Josephine, an Oakland, California-based startup that paired home cooks with hungry neighbors, has decided to shut down. The last meals provided by its cooks will be delivered March 30.
“[O]ur team has simply run out of the resources to continue to drive the legislative change, business innovation, and broader cultural shift needed to build Josephine,” cofounder Charley Wang wrote in a blog post.
Josephine, which raised $3.1 million in angel and seed funding, injected a dose of good-neighbor nostalgia into the crowded food-delivery startup scene when it launched in 2015. While other companies focused on delivery logistics, Josephine recruited 75 home cooks and encouraged them to make lasagna and more for nearby families.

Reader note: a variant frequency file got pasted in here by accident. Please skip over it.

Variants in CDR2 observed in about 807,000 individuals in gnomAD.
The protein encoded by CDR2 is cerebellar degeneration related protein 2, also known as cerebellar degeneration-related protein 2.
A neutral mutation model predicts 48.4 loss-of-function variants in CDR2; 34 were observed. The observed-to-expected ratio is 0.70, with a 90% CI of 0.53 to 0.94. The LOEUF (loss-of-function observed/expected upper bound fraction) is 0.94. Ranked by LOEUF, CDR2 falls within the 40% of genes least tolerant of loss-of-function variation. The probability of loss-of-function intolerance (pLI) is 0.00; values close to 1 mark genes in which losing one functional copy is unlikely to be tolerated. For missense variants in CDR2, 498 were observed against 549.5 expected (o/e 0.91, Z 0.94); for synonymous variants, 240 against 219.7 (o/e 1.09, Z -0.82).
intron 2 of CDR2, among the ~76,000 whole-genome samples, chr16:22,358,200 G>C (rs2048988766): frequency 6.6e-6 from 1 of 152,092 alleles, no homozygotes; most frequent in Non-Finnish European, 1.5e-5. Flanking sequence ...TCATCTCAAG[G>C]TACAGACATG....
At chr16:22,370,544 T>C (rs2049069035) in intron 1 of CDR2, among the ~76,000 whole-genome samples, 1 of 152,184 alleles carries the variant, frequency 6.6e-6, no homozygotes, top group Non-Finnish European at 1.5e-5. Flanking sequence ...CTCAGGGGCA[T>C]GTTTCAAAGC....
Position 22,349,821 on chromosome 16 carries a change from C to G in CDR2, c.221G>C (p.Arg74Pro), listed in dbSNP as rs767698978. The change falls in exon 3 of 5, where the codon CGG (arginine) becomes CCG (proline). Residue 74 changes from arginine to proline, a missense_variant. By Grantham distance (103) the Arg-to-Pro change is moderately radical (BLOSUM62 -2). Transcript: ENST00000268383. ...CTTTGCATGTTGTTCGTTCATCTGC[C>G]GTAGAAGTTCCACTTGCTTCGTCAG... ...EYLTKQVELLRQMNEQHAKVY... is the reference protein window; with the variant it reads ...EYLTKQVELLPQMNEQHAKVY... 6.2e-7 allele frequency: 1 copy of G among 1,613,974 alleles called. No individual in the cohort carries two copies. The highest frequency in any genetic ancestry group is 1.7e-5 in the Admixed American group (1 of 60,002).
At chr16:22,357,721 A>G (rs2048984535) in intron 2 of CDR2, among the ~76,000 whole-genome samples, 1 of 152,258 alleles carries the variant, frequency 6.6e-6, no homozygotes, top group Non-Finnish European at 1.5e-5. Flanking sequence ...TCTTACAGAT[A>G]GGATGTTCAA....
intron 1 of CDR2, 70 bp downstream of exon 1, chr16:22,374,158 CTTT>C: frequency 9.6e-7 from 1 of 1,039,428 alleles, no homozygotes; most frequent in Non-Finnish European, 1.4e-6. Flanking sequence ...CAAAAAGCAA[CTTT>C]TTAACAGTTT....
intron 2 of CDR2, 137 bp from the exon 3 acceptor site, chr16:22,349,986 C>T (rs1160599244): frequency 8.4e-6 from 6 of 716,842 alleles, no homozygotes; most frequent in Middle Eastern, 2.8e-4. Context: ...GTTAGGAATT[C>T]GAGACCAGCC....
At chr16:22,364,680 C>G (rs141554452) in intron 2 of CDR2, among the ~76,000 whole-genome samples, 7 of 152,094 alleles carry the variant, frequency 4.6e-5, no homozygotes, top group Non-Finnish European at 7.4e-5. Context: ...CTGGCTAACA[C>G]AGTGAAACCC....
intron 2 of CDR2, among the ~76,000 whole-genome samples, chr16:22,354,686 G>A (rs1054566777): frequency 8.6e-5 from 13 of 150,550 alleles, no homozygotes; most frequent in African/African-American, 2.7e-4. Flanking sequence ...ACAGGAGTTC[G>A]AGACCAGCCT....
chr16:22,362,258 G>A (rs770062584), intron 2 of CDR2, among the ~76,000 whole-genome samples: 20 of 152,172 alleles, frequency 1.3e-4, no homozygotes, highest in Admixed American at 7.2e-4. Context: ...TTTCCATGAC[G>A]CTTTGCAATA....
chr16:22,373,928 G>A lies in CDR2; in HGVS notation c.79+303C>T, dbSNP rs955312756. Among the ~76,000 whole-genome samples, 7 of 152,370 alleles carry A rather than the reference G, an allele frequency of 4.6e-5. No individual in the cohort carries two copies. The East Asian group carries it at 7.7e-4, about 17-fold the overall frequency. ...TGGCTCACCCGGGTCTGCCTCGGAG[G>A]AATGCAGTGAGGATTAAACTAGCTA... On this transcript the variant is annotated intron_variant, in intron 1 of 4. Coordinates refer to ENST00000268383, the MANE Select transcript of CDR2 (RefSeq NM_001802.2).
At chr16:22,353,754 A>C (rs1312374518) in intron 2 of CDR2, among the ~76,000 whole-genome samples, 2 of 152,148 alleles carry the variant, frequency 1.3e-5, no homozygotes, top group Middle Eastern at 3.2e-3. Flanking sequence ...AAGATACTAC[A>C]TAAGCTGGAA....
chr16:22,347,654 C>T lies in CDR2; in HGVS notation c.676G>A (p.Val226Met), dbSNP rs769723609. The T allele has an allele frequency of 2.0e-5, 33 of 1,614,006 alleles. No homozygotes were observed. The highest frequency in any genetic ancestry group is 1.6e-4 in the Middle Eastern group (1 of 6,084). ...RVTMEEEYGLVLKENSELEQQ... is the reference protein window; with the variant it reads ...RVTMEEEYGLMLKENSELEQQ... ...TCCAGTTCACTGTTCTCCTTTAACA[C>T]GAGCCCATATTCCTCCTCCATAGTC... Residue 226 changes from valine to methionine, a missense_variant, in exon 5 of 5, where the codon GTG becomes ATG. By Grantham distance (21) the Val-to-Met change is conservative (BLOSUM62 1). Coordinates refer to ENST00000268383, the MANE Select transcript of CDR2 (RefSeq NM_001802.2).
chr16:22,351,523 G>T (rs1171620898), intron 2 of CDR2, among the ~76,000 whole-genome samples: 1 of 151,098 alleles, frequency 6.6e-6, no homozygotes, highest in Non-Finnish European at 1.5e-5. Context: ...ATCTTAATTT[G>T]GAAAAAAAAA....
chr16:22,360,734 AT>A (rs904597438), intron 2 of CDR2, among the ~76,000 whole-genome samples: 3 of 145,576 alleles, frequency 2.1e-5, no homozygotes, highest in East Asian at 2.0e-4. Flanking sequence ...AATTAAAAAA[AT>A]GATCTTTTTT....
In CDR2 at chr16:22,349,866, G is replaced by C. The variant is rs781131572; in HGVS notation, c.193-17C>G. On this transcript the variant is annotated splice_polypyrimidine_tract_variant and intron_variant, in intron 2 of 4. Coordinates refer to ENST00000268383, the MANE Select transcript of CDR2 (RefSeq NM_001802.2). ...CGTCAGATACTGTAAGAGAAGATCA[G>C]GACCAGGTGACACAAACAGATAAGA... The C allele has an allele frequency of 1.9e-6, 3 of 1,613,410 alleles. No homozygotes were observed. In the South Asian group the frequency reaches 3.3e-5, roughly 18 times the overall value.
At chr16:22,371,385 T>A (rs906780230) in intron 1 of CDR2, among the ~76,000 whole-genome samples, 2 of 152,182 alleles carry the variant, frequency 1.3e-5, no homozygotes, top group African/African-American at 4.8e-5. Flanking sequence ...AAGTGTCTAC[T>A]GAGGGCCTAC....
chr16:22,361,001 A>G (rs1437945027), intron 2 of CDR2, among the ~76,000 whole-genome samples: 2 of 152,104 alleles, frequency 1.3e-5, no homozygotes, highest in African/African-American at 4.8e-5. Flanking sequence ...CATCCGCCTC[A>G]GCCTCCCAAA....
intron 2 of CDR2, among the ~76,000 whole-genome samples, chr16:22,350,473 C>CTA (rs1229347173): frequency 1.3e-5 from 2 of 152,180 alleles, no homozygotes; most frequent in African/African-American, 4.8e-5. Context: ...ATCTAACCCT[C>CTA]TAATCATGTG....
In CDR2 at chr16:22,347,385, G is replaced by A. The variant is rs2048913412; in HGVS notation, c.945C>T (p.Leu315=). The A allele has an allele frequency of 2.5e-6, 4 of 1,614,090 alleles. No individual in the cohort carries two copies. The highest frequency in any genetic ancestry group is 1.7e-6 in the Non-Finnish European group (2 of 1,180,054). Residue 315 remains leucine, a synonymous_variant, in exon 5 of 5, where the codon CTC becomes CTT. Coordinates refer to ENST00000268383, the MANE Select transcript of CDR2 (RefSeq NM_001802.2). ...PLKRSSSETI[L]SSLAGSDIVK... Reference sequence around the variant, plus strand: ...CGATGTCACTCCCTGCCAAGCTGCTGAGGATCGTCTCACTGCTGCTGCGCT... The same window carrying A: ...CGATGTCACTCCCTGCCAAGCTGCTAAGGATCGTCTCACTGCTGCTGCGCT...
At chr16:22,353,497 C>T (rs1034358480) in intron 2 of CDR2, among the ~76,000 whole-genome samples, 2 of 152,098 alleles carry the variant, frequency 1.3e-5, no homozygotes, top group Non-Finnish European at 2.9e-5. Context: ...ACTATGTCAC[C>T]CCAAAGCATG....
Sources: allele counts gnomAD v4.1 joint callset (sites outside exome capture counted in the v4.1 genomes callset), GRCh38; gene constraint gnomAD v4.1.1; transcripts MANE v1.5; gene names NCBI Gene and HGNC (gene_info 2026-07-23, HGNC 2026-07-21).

Eventually health inspectors came knocking. Josephine tried renting commercial kitchen space for its cooks in order to appease local officials. It also lobbied for new legislation. As those efforts faltered, Josephine began to evaluate new markets like Denver and Seattle. However, the company didn’t have enough funding to fight regulators market by market.